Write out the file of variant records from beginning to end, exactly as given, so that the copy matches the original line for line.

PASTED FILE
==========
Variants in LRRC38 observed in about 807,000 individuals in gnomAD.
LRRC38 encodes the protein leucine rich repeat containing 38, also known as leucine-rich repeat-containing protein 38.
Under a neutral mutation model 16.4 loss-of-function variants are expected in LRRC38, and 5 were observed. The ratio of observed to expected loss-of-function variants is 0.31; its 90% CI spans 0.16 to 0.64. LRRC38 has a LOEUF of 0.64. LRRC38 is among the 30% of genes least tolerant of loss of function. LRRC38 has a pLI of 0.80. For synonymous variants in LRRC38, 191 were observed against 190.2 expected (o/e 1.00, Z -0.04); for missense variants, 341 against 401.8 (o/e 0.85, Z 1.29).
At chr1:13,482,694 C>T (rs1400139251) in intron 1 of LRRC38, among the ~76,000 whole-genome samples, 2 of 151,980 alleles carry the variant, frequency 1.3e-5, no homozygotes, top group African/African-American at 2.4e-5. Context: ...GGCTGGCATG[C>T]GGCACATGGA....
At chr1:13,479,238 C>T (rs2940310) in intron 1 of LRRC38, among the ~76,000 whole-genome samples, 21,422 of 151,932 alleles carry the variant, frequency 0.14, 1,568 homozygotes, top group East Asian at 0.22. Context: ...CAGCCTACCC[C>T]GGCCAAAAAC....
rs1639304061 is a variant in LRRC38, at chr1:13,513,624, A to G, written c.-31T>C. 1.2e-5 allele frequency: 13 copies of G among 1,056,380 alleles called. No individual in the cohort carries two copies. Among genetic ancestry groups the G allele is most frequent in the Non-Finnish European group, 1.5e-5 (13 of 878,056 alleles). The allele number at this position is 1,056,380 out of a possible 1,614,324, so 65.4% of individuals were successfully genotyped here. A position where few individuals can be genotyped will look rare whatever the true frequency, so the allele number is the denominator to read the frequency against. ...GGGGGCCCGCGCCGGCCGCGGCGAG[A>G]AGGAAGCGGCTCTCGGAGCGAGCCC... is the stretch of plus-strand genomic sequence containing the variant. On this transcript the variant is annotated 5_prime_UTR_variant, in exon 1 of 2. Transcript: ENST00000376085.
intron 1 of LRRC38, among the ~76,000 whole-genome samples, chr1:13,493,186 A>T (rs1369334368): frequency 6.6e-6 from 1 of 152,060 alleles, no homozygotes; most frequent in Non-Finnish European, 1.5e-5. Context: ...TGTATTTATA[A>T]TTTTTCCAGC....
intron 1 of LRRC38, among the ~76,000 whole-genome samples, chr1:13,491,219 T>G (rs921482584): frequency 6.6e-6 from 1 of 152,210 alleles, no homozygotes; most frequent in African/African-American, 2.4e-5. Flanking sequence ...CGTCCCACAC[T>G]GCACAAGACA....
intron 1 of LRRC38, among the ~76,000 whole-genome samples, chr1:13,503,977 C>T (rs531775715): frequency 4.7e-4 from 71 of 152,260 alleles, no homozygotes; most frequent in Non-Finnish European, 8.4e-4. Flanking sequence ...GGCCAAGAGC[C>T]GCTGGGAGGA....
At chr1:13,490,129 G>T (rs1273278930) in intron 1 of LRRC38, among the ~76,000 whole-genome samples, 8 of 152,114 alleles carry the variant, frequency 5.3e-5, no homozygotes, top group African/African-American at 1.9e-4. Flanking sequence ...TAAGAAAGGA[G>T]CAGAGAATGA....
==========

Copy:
Variants in LRRC38 observed in about 807,000 individuals in gnomAD.
LRRC38 encodes the protein leucine rich repeat containing 38, also known as leucine-rich repeat-containing protein 38.
Under a neutral mutation model 16.4 loss-of-function variants are expected in LRRC38, and 5 were observed. The ratio of observed to expected loss-of-function variants is 0.31; its 90% CI spans 0.16 to 0.64. LRRC38 has a LOEUF of 0.64. LRRC38 is among the 30% of genes least tolerant of loss of function. LRRC38 has a pLI of 0.80. For synonymous variants in LRRC38, 191 were observed against 190.2 expected (o/e 1.00, Z -0.04); for missense variants, 341 against 401.8 (o/e 0.85, Z 1.29).
At chr1:13,482,694 C>T (rs1400139251) in intron 1 of LRRC38, among the ~76,000 whole-genome samples, 2 of 151,980 alleles carry the variant, frequency 1.3e-5, no homozygotes, top group African/African-American at 2.4e-5. Context: ...GGCTGGCATG[C>T]GGCACATGGA....
At chr1:13,479,238 C>T (rs2940310) in intron 1 of LRRC38, among the ~76,000 whole-genome samples, 21,422 of 151,932 alleles carry the variant, frequency 0.14, 1,568 homozygotes, top group East Asian at 0.22. Context: ...CAGCCTACCC[C>T]GGCCAAAAAC....
rs1639304061 is a variant in LRRC38, at chr1:13,513,624, A to G, written c.-31T>C. 1.2e-5 allele frequency: 13 copies of G among 1,056,380 alleles called. No individual in the cohort carries two copies. Among genetic ancestry groups the G allele is most frequent in the Non-Finnish European group, 1.5e-5 (13 of 878,056 alleles). The allele number at this position is 1,056,380 out of a possible 1,614,324, so 65.4% of individuals were successfully genotyped here. A position where few individuals can be genotyped will look rare whatever the true frequency, so the allele number is the denominator to read the frequency against. ...GGGGGCCCGCGCCGGCCGCGGCGAG[A>G]AGGAAGCGGCTCTCGGAGCGAGCCC... is the stretch of plus-strand genomic sequence containing the variant. On this transcript the variant is annotated 5_prime_UTR_variant, in exon 1 of 2. Transcript: ENST00000376085.
intron 1 of LRRC38, among the ~76,000 whole-genome samples, chr1:13,493,186 A>T (rs1369334368): frequency 6.6e-6 from 1 of 152,060 alleles, no homozygotes; most frequent in Non-Finnish European, 1.5e-5. Context: ...TGTATTTATA[A>T]TTTTTCCAGC....
intron 1 of LRRC38, among the ~76,000 whole-genome samples, chr1:13,491,219 T>G (rs921482584): frequency 6.6e-6 from 1 of 152,210 alleles, no homozygotes; most frequent in African/African-American, 2.4e-5. Flanking sequence ...CGTCCCACAC[T>G]GCACAAGACA....
intron 1 of LRRC38, among the ~76,000 whole-genome samples, chr1:13,503,977 C>T (rs531775715): frequency 4.7e-4 from 71 of 152,260 alleles, no homozygotes; most frequent in Non-Finnish European, 8.4e-4. Flanking sequence ...GGCCAAGAGC[C>T]GCTGGGAGGA....
At chr1:13,490,129 G>T (rs1273278930) in intron 1 of LRRC38, among the ~76,000 whole-genome samples, 8 of 152,114 alleles carry the variant, frequency 5.3e-5, no homozygotes, top group African/African-American at 1.9e-4. Flanking sequence ...TAAGAAAGGA[G>T]CAGAGAATGA....